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Two years ago, Merritt Heyward's firefighter husband died while on the job. His sudden death left her fighting a slew of emotions, among them sadness, regret, guilt, and relief. When the 33-year-old widow receives shocking news from Cal's family lawyer, she's hit with another one: confusion. Although they were married for seven years, Cal never spoke of his past. Not a word. Merritt's stunned to find out that he hailed from a small Lowcountry town, where his ancestral home—built in 1791—still stands. Not only that, but upon the recent death of Cal's grandmother, the historic structure now belongs to Merritt.
Needing a change of scenery, Merritt packs up her life in Maine and heads to tiny Beaufort, South Carolina, with the intention of making her home there. It matters little to her that her inheritance is a crumbling mansion, barely habitable and stuffed with the possessions of an elderly recluse, who perished on the premises. Merritt's intrigued by the place, especially knowing that the secrets to her husband's mysterious past cower somewhere in the dusty corners of his childhood home. Desperate to understand the man she married but hardly knew, Merritt vows to uncover the truths he kept hidden deep within the confines of his broken, embittered heart.
Although Merritt desires only to be left alone, she soon realizes that's impossible in a tiny Southern town like Beaufort. First, there's Gibbes. Handsome and kind, Cal's younger brother is nothing like her deceased husband. In spite of herself, Merritt finds herself drawn to the sensitive pediatrician. Then, there's Loralee Connors, who shows up out of nowhere with every intention of staying. Merritt can't stand to be around her chirpy 36-year-old stepmother for an hour, let alone months on end. She doesn't care how down-and-out Loralee must be, there's no way Merritt's letting her stay. If it weren't for Owen, Merritt's pitiful 10-year-old stepbrother, she would have kicked Loralee to the curb weeks ago ...
Even with these newest complications, Merritt pushes forward with her investigation of the Heyward Family. What she discovers is as enlightening as it is shocking and devastating. As she fits together the pieces of her husband's dark history, she finds some surprising truths about herself as well. With her own heart thawing, Merritt realizes that the hurts of the past don't have to dictate a painful future. In fact, forgiveness may be the key to the kind of happiness she's only ever dreamed about having ...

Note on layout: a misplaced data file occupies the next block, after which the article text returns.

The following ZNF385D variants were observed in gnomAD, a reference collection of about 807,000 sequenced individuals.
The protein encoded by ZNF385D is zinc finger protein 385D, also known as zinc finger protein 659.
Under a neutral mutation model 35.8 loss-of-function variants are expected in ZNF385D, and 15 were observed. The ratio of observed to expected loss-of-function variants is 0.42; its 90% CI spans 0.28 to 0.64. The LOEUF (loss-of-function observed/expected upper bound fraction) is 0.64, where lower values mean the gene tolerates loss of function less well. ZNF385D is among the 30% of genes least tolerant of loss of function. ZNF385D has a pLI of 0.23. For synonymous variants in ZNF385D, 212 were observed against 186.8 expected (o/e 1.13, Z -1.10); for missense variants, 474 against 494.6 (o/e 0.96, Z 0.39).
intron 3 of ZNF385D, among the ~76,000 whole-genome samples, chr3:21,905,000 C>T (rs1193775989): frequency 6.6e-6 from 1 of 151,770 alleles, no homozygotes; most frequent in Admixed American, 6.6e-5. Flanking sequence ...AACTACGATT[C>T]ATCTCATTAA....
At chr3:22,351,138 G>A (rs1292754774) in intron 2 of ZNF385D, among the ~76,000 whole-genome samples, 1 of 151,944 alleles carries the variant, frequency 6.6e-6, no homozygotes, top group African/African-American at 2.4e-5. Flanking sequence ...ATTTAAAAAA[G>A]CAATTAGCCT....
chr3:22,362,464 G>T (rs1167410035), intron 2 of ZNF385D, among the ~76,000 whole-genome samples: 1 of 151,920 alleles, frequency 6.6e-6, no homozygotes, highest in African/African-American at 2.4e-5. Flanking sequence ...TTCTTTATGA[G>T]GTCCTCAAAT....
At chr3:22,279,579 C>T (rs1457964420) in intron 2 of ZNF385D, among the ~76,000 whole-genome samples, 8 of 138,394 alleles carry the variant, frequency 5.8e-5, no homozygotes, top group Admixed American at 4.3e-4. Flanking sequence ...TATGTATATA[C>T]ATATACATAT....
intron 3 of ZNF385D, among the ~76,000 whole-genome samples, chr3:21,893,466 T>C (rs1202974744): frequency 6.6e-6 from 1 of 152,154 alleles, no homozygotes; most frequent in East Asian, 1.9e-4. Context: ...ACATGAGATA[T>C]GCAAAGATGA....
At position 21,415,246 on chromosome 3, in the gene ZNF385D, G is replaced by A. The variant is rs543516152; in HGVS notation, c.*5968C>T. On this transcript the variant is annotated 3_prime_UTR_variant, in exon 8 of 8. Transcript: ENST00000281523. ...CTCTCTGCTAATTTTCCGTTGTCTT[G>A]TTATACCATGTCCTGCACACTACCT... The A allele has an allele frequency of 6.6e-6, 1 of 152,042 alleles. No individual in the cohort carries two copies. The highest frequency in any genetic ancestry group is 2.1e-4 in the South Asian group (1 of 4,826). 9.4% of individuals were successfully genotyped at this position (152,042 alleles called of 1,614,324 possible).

I've enjoyed a number of novels by Karen White. They usually involve Southern settings, family secrets, and plots that flip flop between the past and the present—my favorite literary devices. So, when the good folks at Berkley/NAL offered me a copy of White's 2015 release, The Sound of Glass, I enthusiastically accepted. The story gave me everything I've come to expect from this author—an atmospheric setting; a compelling mystery; and an engaging, warm-hearted reading experience. I didn't care as much for the characters in this one, however; they felt cliché. Merritt especially annoyed me with her whiny selfishness. Still, I enjoyed the book overall. While similar to White's other unexpected-news-brings-woman-home-to-make-peace-with-her-family/past books, The Sound of Glass has an intriguing subplot that gives it a unique spin. It's not my favorite of White's novels (that would be The Memory of Water), true, but it definitely kept me engaged. In the end, it's an uplifting story about healing, surviving, and clinging to what matters most.
(Readalikes: Reminds me of other novels by Karen White, including Falling Home; A Long Time Gone; The Beach Trees; The Memory of Water; and The Lost Hours)
If this were a movie, it would be rated:
for brief, mild language (no F-bombs) and violence